WASHINGTON (Reuters) - Thousands of supporters of immigration reform rallied around the Capitol on Wednesday, calling on lawmakers to support a path to citizenship for an estimated 11 million undocumented immigrants.
Demonstrators waved flags from the United States and Latin American countries, and held signs reading “Citizenship for 11 million” and “Basta ya! La deportacion,” which translates to “Deportation, enough already.”
The National Rally for Citizenship in Washington, D.C., took place a day after negotiators in the U.S. Senate said they were putting the finishing touches on an immigration reform bill that would likely be completed in their chamber this week.
Related protests were held in California.
Immigration reform has gathered strength in Congress following President Barack Obama’s re-election in November. Hispanics, the fastest-growing voter bloc, heavily favored Democrats over Republicans in the election.
Republicans have since started to get behind immigration reform, an effort that had been mainly embraced by Democrats.
“Together we educate, rally, pray and knock on doors until a comprehensive immigration reform bill arrives at the desk of President Obama,” Gustavo Torres, president of immigration advocacy group CASA in Action, told the crowd on the Capitol’s west lawn. “You are the movement that will win immigration reform.”
Activists said they wanted to ensure that any new law contained a mechanism to allow people currently in the country illegally to obtain U.S. citizenship. They do not want it tied to border security or other legislative objectives.
Ivan Gomes, a 37-year-old used-car dealer, traveled from Kalamazoo, Michigan, to attend the rally.
“We’re here to send a message so that our voices can be heard and that something is going to happen,” Gomes said as he waited in a long line to get into the Russell Senate Office Building before the rally.
“It’s not just about politics,” Gomes said. A native of Borneo, Gomes has lived in the United States for 13 years, but so far has been unable to get citizenship. “It’s about people’s daily lives. We’re having families torn apart.”
The rally of about 100 organizations was sponsored by immigration reform groups and unions, including the United Auto Workers and the Service Employees International Union.
La Santa Cecilia, a Los Angeles band that specializes in Latino fusion, revved up the crowd with its song “El Hielo,” Spanish for “ice,” about the Immigration and Customs Enforcement (ICE) arm of the Department of Homeland Security.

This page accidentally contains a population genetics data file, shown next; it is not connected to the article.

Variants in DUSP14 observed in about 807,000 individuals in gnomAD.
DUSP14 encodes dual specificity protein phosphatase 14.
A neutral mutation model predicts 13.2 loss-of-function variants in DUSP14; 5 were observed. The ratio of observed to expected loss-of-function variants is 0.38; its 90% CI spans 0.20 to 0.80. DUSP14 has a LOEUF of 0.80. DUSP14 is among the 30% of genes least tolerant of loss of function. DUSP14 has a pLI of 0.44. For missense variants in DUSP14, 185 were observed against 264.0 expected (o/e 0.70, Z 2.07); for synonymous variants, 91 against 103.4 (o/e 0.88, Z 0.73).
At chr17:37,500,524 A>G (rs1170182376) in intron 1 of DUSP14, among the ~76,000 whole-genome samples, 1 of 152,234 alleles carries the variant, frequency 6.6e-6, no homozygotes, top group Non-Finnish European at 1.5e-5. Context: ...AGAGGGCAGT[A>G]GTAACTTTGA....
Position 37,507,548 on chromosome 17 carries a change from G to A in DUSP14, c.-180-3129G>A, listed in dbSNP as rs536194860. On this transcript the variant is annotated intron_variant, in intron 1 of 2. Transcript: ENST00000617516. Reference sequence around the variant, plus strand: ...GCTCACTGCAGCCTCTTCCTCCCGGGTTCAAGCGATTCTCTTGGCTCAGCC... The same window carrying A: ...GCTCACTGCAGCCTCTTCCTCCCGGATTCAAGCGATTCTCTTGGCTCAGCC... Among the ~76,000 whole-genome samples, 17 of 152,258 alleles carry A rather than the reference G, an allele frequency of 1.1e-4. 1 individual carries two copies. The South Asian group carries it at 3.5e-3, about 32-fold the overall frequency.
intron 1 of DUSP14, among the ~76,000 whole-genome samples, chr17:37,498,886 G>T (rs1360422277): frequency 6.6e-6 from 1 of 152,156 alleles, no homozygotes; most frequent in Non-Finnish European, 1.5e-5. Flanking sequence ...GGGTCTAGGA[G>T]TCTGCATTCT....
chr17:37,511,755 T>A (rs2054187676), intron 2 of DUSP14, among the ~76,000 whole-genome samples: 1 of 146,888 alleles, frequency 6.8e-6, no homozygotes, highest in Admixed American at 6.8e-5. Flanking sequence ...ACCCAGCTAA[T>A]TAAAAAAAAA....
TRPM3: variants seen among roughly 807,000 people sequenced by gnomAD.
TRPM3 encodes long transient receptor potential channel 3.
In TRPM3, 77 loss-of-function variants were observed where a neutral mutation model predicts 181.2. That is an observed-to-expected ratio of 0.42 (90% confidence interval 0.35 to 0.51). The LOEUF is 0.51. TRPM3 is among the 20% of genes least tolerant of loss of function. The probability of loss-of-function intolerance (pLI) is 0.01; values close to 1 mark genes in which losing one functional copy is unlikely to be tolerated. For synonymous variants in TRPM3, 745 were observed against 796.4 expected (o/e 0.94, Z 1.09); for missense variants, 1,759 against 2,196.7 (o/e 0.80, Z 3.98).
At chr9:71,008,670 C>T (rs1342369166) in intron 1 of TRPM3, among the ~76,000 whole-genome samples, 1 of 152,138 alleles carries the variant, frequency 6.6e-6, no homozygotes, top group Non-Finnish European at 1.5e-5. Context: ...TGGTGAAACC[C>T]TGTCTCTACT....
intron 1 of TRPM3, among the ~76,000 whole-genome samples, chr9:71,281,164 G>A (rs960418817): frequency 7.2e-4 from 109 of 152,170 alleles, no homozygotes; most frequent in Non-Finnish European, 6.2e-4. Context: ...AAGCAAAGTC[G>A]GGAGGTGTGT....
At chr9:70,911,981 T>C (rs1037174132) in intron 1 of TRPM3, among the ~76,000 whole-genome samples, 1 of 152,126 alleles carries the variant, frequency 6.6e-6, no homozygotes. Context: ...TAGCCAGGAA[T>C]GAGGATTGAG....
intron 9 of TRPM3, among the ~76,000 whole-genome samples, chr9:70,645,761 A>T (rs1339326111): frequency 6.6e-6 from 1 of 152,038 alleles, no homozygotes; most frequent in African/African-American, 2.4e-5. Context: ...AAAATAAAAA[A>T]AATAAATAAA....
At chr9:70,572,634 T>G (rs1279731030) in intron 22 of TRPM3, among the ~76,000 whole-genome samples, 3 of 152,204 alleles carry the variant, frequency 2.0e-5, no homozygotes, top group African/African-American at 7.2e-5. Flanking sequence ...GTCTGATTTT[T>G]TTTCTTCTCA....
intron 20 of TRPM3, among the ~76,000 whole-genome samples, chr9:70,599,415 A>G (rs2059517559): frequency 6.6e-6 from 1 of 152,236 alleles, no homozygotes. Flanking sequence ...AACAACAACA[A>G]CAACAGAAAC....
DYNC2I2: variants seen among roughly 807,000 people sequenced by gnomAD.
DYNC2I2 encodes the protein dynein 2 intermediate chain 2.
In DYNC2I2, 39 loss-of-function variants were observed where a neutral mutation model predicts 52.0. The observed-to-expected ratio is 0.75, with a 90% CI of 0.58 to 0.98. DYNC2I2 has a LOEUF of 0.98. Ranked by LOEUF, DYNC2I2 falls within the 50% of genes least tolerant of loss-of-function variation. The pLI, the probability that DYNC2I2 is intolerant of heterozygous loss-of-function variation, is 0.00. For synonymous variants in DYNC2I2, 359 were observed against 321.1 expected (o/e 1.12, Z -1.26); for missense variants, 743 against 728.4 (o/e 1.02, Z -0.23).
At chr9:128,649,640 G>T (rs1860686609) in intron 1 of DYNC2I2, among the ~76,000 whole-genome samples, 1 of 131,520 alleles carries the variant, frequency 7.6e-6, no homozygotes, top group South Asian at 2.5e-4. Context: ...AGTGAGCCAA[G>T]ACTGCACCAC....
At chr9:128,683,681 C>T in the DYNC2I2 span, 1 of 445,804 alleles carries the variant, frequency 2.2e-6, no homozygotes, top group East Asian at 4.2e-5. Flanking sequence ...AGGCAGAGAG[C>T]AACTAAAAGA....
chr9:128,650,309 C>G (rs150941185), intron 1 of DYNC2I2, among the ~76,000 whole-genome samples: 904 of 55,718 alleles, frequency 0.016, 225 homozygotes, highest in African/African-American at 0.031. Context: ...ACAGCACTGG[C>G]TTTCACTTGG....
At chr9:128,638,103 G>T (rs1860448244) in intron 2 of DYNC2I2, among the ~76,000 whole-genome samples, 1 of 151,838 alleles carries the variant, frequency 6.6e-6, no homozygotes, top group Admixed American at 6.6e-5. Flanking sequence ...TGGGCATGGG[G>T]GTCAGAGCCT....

The crowd spilled over the boundaries of the wide West Lawn of the Capitol and across nearby streets. Onlookers clung to the base of the statue of Ulysses Grant, one of the world’s biggest bronze sculptures.
Immigration legislation in the Democrat-controlled U.S. Senate will include an earned pathway to citizenship for undocumented immigrants, bolstered border security and ways for business to meet the need for both high-skilled and low-skilled workers.
A bipartisan group from the Republican-led House of Representatives is working on its own version of a bill, one that also includes ways to earn citizenship.
Inside the Russell Building before the rally, protesters packed the Senate Agriculture Committee room to urge Michigan Senators Debbie Stabenow and Carl Levin, both Democrats, to back immigration reform.
The chandelier-lit room erupted with cheers and chants as the two senators said they backed reform.
“We want to make sure that there is a wage built in, a living wage rate,” Stabenow said. She added that she wanted two paths to regularize farm workers: one for those who move from state to state for work and another for those who return to their countries of origin between jobs.
The U.S. Chamber of Commerce, the biggest U.S. business group, and the AFL-CIO, the largest labor federation, reached an agreement on a guest-worker program in late March. The accord cleared the way for the writing of a full bill in Congress.
If the Senate and House bills pass their respective chambers, they would have to be reconciled before a final version is voted on and then sent to Obama for signing into law.
Other rallies for immigration reform were held in California on Wednesday, with one of the largest occurring in Los Angeles outside an office of Senator Dianne Feinstein, a Democrat. Nearly 1,000 people attended that rally, said Jorge-Mario Cabrera, a spokesman for the Coalition for Humane Immigrant Rights of Los Angeles, which helped organize the event.
Police said no one was arrested in that demonstration.
Reporting by Ian Simpson and Rachelle Younglai, Additional reporting by Alex Dobuzinskis in Los Angeles; Editing by Scott Malone, Cynthia Johnston, Grant McCool and Steve Orlofsky